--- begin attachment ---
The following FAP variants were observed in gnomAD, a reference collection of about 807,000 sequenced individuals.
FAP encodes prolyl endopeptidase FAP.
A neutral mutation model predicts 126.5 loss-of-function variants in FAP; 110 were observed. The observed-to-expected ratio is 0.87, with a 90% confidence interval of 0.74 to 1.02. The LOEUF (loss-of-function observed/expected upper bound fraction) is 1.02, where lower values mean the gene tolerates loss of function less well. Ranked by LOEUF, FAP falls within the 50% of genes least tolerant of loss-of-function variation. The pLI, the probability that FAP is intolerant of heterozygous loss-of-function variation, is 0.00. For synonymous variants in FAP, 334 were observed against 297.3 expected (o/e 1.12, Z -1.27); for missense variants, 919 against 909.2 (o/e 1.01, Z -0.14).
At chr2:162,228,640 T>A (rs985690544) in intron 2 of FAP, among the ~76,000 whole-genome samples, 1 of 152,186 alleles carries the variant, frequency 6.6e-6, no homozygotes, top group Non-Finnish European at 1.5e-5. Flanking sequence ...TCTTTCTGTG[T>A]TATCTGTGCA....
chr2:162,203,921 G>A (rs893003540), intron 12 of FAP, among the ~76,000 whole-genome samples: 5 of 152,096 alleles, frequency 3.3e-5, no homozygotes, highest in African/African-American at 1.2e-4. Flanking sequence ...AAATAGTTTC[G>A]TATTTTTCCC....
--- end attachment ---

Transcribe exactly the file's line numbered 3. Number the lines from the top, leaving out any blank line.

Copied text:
A neutral mutation model predicts 126.5 loss-of-function variants in FAP; 110 were observed. The observed-to-expected ratio is 0.87, with a 90% confidence interval of 0.74 to 1.02. The LOEUF (loss-of-function observed/expected upper bound fraction) is 1.02, where lower values mean the gene tolerates loss of function less well. Ranked by LOEUF, FAP falls within the 50% of genes least tolerant of loss-of-function variation. The pLI, the probability that FAP is intolerant of heterozygous loss-of-function variation, is 0.00. For synonymous variants in FAP, 334 were observed against 297.3 expected (o/e 1.12, Z -1.27); for missense variants, 919 against 909.2 (o/e 1.01, Z -0.14).